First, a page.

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D.B. LeBaron, K.L. Schmid, G. Newlands, K. Vessey, A.G. Ayotte, C.M. Liu, W.K. Stell; Spatial Frequency Tuning of Myopia–Prevention in Chicks by Lens–Cone Gratings . Invest. Ophthalmol. Vis. Sci. 2005;46(13):1978.
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© ARVO (1962-2015); The Authors (2016-present)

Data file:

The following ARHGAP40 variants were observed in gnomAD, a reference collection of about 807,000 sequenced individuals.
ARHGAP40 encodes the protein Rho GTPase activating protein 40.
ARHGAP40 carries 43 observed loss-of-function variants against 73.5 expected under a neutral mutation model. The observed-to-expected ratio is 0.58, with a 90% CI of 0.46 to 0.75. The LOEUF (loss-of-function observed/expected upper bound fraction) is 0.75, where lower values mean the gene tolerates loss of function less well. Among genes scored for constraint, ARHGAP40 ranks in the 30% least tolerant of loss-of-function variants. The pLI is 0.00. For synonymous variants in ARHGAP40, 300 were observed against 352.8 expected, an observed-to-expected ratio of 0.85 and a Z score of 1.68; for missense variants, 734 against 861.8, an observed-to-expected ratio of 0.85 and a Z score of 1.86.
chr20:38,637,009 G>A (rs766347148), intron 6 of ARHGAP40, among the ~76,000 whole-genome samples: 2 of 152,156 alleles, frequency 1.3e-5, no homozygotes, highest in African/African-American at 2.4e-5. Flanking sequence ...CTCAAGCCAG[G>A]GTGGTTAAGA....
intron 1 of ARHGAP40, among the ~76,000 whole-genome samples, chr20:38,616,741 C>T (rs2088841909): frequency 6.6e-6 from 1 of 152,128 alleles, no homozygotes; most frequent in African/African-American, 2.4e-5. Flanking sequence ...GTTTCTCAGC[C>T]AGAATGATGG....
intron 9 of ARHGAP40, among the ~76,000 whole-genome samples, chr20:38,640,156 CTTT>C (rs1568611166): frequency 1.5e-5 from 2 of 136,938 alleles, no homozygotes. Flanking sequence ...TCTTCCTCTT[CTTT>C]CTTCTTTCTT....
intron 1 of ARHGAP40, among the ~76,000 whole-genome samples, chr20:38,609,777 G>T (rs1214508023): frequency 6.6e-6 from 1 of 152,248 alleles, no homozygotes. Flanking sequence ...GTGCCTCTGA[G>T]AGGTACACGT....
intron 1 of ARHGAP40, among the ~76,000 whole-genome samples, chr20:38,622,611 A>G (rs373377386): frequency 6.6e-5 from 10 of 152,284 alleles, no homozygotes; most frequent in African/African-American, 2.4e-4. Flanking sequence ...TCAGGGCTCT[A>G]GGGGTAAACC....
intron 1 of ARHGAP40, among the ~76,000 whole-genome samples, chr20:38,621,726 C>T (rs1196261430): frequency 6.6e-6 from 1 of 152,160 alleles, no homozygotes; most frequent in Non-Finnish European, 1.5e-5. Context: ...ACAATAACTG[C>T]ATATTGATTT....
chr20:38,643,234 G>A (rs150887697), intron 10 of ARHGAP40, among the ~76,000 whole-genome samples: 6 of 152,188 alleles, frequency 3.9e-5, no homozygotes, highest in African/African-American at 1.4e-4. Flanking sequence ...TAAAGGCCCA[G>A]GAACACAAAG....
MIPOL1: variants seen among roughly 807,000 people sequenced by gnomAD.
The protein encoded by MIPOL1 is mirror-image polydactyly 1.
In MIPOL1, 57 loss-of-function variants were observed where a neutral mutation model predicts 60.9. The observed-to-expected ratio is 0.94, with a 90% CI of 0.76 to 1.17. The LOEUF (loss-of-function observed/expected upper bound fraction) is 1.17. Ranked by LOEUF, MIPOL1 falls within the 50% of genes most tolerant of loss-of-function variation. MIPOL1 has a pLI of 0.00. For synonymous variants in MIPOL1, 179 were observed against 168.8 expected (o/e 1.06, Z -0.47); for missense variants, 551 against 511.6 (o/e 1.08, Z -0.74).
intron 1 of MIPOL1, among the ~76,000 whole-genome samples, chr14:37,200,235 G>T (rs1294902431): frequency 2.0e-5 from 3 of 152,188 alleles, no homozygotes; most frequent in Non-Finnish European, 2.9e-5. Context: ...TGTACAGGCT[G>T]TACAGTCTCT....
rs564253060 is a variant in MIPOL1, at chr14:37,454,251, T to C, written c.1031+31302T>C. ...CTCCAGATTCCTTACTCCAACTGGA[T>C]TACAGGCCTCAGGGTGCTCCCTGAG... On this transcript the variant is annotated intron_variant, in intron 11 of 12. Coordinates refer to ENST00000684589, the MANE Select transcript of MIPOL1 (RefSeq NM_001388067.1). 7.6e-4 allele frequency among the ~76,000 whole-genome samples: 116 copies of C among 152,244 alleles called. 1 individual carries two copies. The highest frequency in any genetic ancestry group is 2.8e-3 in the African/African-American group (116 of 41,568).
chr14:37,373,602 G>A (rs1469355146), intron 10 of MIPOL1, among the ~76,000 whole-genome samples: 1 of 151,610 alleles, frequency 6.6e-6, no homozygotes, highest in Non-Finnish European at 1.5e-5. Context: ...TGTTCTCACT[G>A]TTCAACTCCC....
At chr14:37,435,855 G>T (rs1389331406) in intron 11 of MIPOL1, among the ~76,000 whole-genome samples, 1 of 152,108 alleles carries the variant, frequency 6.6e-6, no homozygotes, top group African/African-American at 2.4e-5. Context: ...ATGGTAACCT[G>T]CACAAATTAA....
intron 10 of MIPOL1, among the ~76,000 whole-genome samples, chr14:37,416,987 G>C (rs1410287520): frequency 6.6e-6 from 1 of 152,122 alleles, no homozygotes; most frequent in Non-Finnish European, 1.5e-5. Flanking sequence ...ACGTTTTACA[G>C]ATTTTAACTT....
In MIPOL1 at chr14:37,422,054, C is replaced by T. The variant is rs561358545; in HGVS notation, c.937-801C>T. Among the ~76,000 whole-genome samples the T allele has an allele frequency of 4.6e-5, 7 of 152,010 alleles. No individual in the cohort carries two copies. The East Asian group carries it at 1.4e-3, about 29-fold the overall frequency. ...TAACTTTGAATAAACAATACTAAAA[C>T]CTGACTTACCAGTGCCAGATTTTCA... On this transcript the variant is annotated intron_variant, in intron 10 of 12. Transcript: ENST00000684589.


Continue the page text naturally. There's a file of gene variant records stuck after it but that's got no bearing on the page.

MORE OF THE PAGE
Purpose: Diffusers induce form–deprivation myopia (FDM) in chicks, which is prevented by a few hours/day of normal vision. Understanding how FDM is induced or prevented by visual processing/signaling in the retina could lead to new anti–myopia therapies. Studies with spatially filtered images or gratings on a rotating drum have suggested that spatial frequencies ∼1 cycle/degree (c/d) efficiently prevent FDM in the chick. Here we refined the spatial tuning function for prevention of FDM with simplified stimuli, which can now be used to identify the retinal neurons that use them to control eye growth. Methods:White Leghorn cockerels were kept on a 12:12 hour light:dark cycle. On day 5 after hatching (P5) one eye was covered with a removable diffuser; the other eye remained uncovered. On P6, P7 & P8 the diffuser was replaced with a test target for 2 hours during the light phase, then the diffuser was put back on. The target was a high–contrast printed transparency of a square or sine wave grating (0.03 – 10 c/d) backed by a white diffuser, or a uniform grey of equal luminance, 3.3 cm from the eye on a conical support and focused with a +30D lens. On P9 both eyes were refracted, axial dimensions measured by 30 MHz A–scan, and the eyes excised and weighed. Results: Uniform grey targets for 2 hours had little or no effect on FDM. Square wave gratings, used initially because they were easiest to make, diminished FDM optimally at 1 c/d but were ineffective (<20% of maximum) at 0.03, 3 and 10 c/d. The 0.1 and 0.3 c/d square waves were partially effective (∼70–80%), but 0.1 and 0.3 c/d sine waves were ineffective. The function, effect (vitreal chamber growth) vs. frequency, resembles spatial frequency tuning functions for retinal ganglion cells in chicks (Miles, 1972) and quail (Uchiyama & Barlow, 1994). Conclusions: These observations confirm that the retinal FDM–preventing mechanism in chicks is tuned optimally to spatial frequencies ∼1 c/d (Schmid & Wildsoet, 1997), suggesting that the retinal regulatory neurons have receptive field centers ∼0.5 c/d or ∼50 µm in diameter. The substantial effect of 0.1–0.3 c/d square wave gratings is probably due to the effectiveness of higher–frequency harmonics. Optimal stimuli are now being used to probe for responsive retinal cells by the activity–dependent marker method.
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